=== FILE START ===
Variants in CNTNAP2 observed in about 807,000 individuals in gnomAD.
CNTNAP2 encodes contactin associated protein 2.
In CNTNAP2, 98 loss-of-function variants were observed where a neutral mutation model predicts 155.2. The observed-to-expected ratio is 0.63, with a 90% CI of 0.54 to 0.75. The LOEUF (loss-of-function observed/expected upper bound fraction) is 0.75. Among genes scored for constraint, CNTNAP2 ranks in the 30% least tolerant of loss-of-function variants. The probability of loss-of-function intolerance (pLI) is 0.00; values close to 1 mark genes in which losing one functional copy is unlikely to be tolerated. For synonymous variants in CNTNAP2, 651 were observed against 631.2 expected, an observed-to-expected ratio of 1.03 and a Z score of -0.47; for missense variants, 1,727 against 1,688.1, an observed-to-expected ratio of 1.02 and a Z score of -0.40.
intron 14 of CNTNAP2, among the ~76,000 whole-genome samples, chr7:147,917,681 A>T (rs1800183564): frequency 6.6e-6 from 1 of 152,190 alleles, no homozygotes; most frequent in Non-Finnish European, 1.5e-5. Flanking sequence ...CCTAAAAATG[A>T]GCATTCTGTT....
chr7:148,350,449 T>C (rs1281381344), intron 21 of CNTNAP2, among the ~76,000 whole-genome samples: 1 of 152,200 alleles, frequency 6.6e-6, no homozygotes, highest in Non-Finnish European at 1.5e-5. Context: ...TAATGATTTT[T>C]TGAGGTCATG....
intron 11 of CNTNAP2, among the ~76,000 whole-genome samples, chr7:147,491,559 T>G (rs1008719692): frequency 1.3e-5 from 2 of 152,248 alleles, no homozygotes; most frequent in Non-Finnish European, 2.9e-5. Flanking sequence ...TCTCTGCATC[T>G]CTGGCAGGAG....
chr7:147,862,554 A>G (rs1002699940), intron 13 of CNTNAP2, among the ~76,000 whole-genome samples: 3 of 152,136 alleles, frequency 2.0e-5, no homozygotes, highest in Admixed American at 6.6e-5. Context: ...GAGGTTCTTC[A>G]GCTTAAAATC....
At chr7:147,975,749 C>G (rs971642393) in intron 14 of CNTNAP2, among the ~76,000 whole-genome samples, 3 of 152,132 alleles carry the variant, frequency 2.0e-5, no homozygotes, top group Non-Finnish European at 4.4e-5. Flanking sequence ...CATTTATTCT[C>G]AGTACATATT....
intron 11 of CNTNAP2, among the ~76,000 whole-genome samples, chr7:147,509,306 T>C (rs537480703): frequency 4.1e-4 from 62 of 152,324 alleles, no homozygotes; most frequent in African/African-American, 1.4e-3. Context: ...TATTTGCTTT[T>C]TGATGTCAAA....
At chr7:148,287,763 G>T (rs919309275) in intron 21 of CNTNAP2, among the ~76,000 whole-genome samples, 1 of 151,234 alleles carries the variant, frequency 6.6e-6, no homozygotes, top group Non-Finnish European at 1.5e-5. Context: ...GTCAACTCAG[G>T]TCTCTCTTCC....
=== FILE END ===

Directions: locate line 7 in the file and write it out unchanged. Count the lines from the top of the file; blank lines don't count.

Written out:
chr7:147,862,554 A>G (rs1002699940), intron 13 of CNTNAP2, among the ~76,000 whole-genome samples: 3 of 152,136 alleles, frequency 2.0e-5, no homozygotes, highest in Admixed American at 6.6e-5. Context: ...GAGGTTCTTC[A>G]GCTTAAAATC....